Riots in Paris during demonstration against security law, 42 arrests | NOW

In Paris, a demonstration against a controversial security law and police brutality has turned into riots. Protesters clashed with police, destroyed shops, cars and barricades. In some cases a bank branch has been looted. The police intervened with tear gas. At least 42 people have been arrested. Several officers and firefighters were said to have been injured in the riots, police said via Twitter, how much is not known.

Saturday started with a peaceful demonstration, but according to police, 500 rioters ‘infiltrated’ the demonstration. These rioters sought confrontation with the police. Most of these protesters were dressed in black. Some also carried hammers to break pavement tiles into pieces.

By 6:00 PM the official demonstration was over and the police started demanding people to go home. The riots were still going on at the time, however, and at least 42 people had been arrested at 8 p.m.

It is the second weekend in a row where it is restless in the French capital. France has seen a wave of protest since a proposal for a security law was announced. Not only in Paris, but also in Marseille, Lyon, Lille and other French cities, people have taken to the streets to express their dissatisfaction.

With the controversial law, authorities prohibit the distribution of images showing agents whose identities can be traced. A violation is punishable by a maximum of one year in prison or a fine of up to 45,000 euros. According to the government, the law is intended to protect agents.

Macron has the law amended, critics still dissatisfied

President Emmanuel Macron’s party changed its position a few days ago. After fierce criticism, the party said it would amend the passage on the images of police officers, but critics say that is not enough.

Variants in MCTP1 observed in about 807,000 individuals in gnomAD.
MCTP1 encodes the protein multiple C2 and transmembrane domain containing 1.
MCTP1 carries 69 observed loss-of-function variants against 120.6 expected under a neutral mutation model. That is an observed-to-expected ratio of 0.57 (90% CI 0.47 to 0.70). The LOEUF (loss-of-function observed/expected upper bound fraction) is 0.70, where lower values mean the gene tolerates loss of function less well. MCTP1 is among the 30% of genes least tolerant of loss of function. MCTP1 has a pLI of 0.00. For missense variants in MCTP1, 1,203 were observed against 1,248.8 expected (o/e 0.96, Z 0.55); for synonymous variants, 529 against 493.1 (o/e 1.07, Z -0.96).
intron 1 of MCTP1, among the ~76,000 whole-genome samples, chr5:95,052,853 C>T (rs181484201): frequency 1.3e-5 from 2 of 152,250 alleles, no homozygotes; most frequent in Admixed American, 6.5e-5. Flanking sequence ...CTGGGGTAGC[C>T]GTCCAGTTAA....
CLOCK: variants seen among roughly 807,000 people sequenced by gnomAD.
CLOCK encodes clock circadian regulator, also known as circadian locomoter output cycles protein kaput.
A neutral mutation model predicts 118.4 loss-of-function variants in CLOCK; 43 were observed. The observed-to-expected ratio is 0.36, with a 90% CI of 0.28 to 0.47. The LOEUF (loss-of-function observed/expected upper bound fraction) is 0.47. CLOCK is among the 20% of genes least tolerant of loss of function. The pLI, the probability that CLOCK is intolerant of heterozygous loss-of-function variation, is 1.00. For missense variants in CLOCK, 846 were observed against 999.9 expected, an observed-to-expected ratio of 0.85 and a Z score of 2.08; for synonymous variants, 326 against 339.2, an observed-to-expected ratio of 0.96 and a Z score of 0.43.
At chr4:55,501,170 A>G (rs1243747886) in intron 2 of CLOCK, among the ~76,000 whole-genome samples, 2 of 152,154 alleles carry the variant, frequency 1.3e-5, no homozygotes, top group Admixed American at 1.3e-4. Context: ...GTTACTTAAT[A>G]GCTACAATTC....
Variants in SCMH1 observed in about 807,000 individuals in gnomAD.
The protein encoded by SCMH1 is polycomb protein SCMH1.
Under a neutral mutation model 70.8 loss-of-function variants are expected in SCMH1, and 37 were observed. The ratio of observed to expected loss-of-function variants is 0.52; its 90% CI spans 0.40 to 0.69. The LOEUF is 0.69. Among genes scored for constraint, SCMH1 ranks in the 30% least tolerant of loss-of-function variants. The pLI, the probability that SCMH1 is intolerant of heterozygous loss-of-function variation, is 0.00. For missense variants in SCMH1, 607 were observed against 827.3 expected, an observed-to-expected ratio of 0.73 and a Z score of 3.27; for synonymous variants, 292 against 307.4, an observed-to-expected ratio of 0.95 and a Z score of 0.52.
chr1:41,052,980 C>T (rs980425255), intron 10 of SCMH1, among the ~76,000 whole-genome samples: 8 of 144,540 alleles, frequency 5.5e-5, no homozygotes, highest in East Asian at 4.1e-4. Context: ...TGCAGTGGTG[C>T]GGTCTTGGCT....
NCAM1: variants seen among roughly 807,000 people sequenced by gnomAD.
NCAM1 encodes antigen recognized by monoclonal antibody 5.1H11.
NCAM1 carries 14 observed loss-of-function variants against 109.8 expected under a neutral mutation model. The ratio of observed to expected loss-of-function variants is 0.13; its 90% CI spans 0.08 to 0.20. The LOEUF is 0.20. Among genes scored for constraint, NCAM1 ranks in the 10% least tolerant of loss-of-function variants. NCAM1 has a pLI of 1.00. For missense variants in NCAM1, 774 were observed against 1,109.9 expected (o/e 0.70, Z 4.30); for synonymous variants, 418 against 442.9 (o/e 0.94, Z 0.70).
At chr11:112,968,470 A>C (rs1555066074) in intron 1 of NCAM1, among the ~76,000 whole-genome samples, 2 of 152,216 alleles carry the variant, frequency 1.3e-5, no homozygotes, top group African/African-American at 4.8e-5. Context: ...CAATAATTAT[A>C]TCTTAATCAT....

Trade unions, journalist associations and human rights organizations therefore called on French this weekend to demonstrate again. They want this passage to be completely removed from the law. They believe it limits freedom of speech. The law would also make it more difficult to register abuse of power by agents.

Not only the passage about police images is controversial. The bill also states that the police can apply more video surveillance, such as by using drones during demonstrations.

Cops in Paris are pelted with fireworks. (Photo: ANP)

Anger at police racist violence

The protests are not only about the bill, but also about racist police violence. Last Friday, agents were found to have assaulted a black music producer in his own studio. Among other things, a tear gas canister was thrown into space. Images of the incident appeared online.

This brought renewed attention to police violence in France, particularly against minorities. Macron wants to set up a platform so that people can report discrimination by police officers. Police unions are critical of this plan.


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